Mary Casanova, author of Ice-Out

I felt I was traveling right alongside Douglas Wood while reading his evocative life stories. The depth of his emotional honesty is powerful and gives us a peek into why he creates such fine work. This book is a treasure.

Jim Brandenburg, photographer and author

In Deep Woods, Wild Waters, Douglas Wood has written more than a beautiful memoir. With the eyes of an artist, the soul of a poet, and the easygoing humor of a backwoods guide, he takes us on a journey through our shared landscape of mind and spirit, pointing out some of the major landmarks and encouraging us to go out and explore.

David Backes, author of A Wilderness Within: The Life of Sigurd F. Olson

Deep Woods, Wild Waters is the most authentic and rich of Douglas Wood’s writings yet. It is as fluid as the water he paddles, as grand as the endless skyline he sees before him, and as poetic as the sound of the breeze in the pines and the symphony of the birds of a morning. Doug finds himself in this book. His images and stories urge you to find yourself in the only place it can truly be done—in nature. With Deep Woods, Wild Waters, Doug has, thus, risen to the pantheon of the great nature writers.

Don Shelby, explorer and veteran journalist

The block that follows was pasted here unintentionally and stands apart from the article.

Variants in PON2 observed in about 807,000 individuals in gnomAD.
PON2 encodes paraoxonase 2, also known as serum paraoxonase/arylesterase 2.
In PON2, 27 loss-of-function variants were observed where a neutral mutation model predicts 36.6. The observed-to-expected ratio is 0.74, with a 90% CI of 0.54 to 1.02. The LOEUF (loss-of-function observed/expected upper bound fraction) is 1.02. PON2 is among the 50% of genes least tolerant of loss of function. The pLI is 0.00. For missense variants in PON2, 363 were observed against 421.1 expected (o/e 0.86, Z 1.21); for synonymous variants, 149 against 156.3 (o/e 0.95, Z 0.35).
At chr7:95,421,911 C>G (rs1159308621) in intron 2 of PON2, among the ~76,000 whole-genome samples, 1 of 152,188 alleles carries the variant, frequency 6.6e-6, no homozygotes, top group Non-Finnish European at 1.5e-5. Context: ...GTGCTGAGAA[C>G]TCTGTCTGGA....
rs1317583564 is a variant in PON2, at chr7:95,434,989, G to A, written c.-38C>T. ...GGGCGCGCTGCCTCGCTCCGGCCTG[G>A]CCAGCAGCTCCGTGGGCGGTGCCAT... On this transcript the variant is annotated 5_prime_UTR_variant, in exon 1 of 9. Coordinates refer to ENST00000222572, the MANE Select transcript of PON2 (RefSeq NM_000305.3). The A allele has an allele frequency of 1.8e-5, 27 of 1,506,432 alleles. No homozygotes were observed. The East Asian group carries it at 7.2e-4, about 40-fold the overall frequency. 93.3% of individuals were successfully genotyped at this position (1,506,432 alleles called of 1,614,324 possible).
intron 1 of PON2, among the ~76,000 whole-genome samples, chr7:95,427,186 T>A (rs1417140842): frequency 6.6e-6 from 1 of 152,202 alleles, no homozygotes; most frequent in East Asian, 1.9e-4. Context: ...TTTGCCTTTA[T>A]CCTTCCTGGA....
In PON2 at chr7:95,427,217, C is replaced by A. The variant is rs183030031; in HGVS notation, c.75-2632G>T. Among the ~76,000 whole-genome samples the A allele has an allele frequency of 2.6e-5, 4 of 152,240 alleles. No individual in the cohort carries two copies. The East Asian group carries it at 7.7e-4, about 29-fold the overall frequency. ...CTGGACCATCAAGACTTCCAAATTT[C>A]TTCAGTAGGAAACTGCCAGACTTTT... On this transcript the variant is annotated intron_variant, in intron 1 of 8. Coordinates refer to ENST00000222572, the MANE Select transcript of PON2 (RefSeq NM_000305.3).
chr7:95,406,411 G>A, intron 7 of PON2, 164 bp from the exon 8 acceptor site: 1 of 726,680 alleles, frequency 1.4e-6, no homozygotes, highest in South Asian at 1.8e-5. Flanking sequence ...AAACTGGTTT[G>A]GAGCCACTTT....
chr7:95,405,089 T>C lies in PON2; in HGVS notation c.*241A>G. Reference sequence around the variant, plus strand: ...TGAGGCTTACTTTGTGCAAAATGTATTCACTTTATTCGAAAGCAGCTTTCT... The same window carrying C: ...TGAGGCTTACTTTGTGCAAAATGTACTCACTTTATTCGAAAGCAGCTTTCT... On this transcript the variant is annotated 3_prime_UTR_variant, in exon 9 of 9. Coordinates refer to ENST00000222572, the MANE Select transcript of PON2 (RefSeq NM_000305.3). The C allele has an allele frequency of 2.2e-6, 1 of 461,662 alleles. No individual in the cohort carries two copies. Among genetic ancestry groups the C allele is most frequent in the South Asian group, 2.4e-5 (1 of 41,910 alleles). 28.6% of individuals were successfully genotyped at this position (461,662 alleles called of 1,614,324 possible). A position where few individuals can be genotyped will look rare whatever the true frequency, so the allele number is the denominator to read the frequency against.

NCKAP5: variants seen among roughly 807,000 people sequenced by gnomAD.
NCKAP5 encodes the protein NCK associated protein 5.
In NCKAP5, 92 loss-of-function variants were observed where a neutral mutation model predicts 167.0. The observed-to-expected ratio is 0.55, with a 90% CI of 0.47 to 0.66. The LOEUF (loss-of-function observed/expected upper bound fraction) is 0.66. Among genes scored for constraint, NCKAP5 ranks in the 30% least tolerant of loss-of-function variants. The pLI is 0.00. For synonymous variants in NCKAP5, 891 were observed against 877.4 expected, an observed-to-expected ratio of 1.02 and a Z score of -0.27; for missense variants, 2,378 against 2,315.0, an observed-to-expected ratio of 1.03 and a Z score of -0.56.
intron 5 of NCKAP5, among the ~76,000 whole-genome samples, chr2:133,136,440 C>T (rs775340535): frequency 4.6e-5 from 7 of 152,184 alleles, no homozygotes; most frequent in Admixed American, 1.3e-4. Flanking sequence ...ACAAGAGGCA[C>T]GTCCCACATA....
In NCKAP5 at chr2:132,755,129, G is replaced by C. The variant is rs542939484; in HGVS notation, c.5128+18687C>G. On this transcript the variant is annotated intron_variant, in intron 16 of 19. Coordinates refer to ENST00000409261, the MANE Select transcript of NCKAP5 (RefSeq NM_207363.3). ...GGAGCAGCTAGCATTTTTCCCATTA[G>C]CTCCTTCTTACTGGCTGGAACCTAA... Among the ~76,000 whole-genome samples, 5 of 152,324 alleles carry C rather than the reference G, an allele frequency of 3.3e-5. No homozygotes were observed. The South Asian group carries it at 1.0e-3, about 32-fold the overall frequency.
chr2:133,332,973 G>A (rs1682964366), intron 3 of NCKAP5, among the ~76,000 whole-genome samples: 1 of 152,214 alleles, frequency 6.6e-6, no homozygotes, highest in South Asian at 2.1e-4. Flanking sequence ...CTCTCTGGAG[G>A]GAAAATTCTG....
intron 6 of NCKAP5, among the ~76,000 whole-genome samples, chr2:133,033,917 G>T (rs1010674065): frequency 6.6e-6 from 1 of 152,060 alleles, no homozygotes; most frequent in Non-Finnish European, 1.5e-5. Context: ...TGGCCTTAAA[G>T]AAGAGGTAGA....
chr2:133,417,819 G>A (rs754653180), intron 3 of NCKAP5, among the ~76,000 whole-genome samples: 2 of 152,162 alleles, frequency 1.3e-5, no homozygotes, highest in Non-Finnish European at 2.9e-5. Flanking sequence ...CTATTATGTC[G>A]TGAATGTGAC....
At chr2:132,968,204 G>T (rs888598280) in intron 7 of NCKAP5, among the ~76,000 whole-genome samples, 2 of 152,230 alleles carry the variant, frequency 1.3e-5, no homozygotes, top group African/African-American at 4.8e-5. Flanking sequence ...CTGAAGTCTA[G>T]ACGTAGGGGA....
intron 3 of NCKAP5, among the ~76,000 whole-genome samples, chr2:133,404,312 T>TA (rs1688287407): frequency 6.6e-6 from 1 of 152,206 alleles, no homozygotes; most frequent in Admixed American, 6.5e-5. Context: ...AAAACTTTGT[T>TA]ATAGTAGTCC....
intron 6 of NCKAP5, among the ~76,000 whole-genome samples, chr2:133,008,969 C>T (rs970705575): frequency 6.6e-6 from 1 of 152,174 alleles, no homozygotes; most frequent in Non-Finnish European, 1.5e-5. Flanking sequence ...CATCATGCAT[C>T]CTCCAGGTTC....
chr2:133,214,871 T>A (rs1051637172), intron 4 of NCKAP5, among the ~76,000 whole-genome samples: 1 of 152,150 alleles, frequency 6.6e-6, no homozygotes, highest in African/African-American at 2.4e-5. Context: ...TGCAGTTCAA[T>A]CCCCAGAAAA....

Douglas Wood has become much more than an outdoor writer, he has become an icon of the North Woods, and through his travels, paddles, books, and lectures he has moved thousands of people. He continues that tradition in this book. Like Sigurd Olson, he takes the reader along, he contemplates and shares, and in the end the knowledge belongs to the reader, and the desire to paddle, explore, and be outside is the true gift—the inspiration—of his writing.

Mike Link, author and former Director of the Audubon Center of the North Woods

While most of us are left speechless by gilded ripples on a moonswept lake, the mesmerizing call of the loon, or the crimson glow of embers, Douglas Wood has the words and weaves them well. He puts in poetic prose what we’ve all wanted to articulate during those magical moments of epiphany in the natural world. Doug refers to his as a ‘lucky life.’ We all share in that great fortune through this fine book.

Paul Schurke, polar explorer, author, and environmental educator

Douglas Wood's memoir is a classic. It's a book readers will want to return to again and again. There is a lovely flow and order to it all, but a reader can start at the beginning, the middle, or the end—the essays are that good. In fact, ‘The Stars of Sandfly’ alone is worth the purchase of the book.

Larry Dolphin, former Director of the J.C. Hormel Nature Center

Deep Woods, Wild Waters

Contents
Acknowledgments
Introduction
The Little Lake
Echo Island to Lost Bay
The Secret Forest
Streams of Consciousness
The Gospel of Rocks
Time Wasted
Back to the Garden
Into a Smaller World
The Great Day That Dawns
Backcast
The Tao of the Canoe
Turtle Stories
A Poem of Flowers
By the Fire
The Last Sleep-Out
The Promontory
The Art of the Tale: The Cold Demise of Coffee Cup Charlie
Distant Thunder
Haunts of the Manitou
The Wild Wind
Marshes of Doubt
Swinging the Coffee
The Quest
Finding the Fawn
Gumption
The Stick Throwers
The Club
Hunting for Something Ethereal
Where Red Squirrels Live
Changing Skies
Base Camp
The Landscape of Time
Hello to Life
Downstream
The Stars of Sandfly
The Education of a Grandfather
All One Trip
Afterword